On Mexico City Blues (44th Chorus – 2)

“To Indicate by Moon Magic/ Constellative Stardom..” (Jack Kerouac)

Allen Ginsberg continues his analysis of Jack Kerouac’s Mexico City Blues  44th Chorus from here

AG:  So,  “Aurorum’s showed his Mountain/Top/ Of Eastern be Western morning” – (“Aurorum” is the dawn – the sun) – ” Aurorum’s showed his Mountain/ Top/ Of Eastern be Western” – (East by West or “Eastern be Western” – East and West the same thing) – ” … morning/To Indicate by Moon Magic/ Constellative Stardom/ of/ Gazers/ in mock Roman/ Arabian Kimonos..” – (So in the old days, Arab astronomers followed by their Roman inheritors, figured out the stars and the heavens and the constellations and the Arabs I think were the modern kings of astronomy – who actually introduced astronomy to the Western world.  And, as I said, they were reading H.G. Wells’ History of the World, and so probably there was some reference to … probably that came into his mind on account of reading that particular piece of history.  But he chunked it altogether.) – “… morning/ To Indicate by Moon Magic/ Constellative Stardom/ of/ Gazers/in mock Roman/Arabian Kimonos,/ the lay of the pack/ in the sky.” – (The position or layout of the pack of bears.  The pack of stars.  The pack crossing the sky.  The astronomic constellations.  What do you call them?  The Zodiac.  The “lay of the pack/in the sky” is the Zodiac. But “the lay of the pack/in the sky” is a very Shakespearean way of saying Zodiac –   “the lay of the pack/in the sky” – “the lay of the pack/in the sky” –  it’s really pretty.  Or do you find that pretty or interested?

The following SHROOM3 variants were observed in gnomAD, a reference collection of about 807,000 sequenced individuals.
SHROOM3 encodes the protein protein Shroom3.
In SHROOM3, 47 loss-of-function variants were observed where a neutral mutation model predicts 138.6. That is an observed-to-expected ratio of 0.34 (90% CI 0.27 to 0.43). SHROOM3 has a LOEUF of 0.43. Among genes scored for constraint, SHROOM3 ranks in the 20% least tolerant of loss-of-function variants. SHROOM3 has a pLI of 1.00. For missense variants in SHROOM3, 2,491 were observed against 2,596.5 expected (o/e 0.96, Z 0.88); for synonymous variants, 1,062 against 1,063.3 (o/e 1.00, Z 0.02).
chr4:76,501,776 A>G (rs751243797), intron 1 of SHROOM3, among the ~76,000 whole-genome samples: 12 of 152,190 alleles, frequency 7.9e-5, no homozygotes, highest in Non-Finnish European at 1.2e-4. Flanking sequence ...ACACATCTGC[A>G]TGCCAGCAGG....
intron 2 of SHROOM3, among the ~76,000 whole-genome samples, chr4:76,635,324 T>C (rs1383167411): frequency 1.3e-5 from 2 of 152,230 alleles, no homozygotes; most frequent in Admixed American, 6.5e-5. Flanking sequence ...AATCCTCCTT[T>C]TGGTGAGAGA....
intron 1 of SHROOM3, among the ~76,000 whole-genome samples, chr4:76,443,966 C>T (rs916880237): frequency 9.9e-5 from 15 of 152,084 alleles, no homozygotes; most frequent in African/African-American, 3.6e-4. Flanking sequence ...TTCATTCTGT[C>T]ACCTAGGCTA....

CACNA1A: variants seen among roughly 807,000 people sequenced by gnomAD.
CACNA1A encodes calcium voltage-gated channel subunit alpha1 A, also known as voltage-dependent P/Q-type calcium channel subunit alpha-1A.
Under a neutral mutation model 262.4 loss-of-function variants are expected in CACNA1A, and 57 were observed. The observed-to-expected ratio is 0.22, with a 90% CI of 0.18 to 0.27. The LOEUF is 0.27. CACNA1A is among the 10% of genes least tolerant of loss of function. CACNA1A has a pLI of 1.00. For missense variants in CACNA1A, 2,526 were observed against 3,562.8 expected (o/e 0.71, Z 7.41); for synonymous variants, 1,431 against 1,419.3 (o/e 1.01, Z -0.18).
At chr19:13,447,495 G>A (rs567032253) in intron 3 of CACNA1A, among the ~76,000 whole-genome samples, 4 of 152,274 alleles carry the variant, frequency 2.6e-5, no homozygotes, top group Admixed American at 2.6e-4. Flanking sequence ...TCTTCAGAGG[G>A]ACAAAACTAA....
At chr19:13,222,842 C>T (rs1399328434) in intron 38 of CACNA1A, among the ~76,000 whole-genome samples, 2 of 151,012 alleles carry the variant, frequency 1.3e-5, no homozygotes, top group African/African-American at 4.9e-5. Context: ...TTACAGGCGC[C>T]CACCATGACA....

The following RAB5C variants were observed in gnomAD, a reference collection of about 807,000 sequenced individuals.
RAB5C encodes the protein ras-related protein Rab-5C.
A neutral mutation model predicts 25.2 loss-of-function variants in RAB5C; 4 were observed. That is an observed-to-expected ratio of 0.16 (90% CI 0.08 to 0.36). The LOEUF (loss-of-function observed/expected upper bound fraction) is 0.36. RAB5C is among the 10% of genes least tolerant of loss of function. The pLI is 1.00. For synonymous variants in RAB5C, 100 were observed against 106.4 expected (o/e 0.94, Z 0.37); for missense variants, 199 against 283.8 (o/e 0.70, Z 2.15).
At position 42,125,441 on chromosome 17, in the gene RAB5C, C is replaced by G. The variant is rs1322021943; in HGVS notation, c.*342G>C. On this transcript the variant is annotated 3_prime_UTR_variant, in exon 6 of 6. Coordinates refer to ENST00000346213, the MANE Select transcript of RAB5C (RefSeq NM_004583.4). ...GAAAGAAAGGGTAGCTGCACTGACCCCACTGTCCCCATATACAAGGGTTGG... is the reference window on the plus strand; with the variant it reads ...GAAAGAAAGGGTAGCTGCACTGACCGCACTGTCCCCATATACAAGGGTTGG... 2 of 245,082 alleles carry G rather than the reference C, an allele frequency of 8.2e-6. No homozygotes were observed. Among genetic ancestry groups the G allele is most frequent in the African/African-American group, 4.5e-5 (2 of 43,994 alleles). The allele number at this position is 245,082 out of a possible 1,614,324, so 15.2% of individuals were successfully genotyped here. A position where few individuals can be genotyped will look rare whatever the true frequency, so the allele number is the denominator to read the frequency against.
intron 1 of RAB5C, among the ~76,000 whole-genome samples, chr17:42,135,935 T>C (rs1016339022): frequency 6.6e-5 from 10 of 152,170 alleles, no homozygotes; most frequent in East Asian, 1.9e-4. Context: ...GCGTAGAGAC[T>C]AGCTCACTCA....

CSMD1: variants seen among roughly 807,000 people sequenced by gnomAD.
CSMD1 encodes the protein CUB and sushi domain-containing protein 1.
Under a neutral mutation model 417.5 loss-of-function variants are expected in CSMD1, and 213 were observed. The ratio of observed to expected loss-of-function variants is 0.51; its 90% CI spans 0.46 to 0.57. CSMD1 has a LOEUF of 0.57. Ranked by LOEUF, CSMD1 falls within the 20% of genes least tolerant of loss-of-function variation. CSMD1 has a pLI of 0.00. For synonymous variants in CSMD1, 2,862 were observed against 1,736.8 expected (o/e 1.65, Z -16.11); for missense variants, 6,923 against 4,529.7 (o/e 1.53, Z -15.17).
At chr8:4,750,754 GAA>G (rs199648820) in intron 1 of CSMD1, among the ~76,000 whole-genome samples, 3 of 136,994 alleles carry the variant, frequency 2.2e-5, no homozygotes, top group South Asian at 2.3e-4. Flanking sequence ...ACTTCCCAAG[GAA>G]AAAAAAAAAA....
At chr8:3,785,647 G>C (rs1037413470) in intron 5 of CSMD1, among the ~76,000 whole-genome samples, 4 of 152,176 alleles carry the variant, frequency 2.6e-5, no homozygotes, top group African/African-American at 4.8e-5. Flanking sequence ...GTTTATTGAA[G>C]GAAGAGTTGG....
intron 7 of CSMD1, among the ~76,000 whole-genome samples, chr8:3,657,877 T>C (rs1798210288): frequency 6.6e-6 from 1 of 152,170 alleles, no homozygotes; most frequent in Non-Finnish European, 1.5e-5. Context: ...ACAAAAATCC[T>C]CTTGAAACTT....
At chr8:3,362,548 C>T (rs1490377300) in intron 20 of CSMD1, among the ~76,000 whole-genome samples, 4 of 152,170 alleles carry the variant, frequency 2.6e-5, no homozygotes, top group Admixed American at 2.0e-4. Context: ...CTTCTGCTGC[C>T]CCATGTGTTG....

Student:  Say it again.

AG:  “(T)he lay of the….”  For the word “Zodiac, or for an image of the Zodiac, or for a visual.. vaster.. slightly vaster visual glimpse of the Zodiac across the sky – “the lay of the pack/in the sky.”  Does that make sense?  It makes sense first of all, doesn’t it?

Student:  Um-hmm.
Student (2):  Would it be….
AG:  The lay-out.
Student:  Would it be a pack…
AG:  No, it’s the pack of constellations.  The pack of bears, scorpions, twins – “the pack”.  “the pack/ in the sky –  The pack of dogs in the sky.  The pack of wolves in the sky.
Peter Orlovsky:  He wouldn’t say “packs” in the sky?
AG:  No.  Just a pack is enough.
Student:  (But he’s talking about a pack..)
AG:  Pardon me?
Student:  (He’s talking about a pack.. he saw the pack..
AG:  Yeah.
Student:  (So..)

AG:  He’s talking moon magic –  he’s talking about all the mysterious, mystical, astrological astronomers with their mock kimonos – a bunch of fakers in their kimonos, gazing, (just a bunch of moon-gazers or stargazers).  He’s making fun of all these serious scientific astronomers and astrologers and fortune-tellers, like himself.

“Till I end up my work/ Which never began and/ Never will end – hah -/  Bespeak thyself not, soft spot..” – (That’s just some little paraphrase of Shakespeare again.  “Hush, the starlight comes, speak no more,” or something like that.  The nurses come, or the crowd is roused in the street, “Bespeak thyself not no more, Romeo, but slip out of the arras into the constellative garden, or something [Allen is making it up here].  From “Romeo and Juliet.”

So, sun has showed –  morning on the mountains, to show or indicate,  to the Roman, Arabian, (and himself, and anybody modern) gazing into the sky to try and read the future and find the ultimate nature of the universe – sunrise.  A simple old sunrise has shown the lay of the pack of the sky – where the stars were and where they were going.

Audio from the above can be found here, beginning at approximately fifty-four-and-three-quarter minutes in and concluding at approximately fifty-eight minutes in

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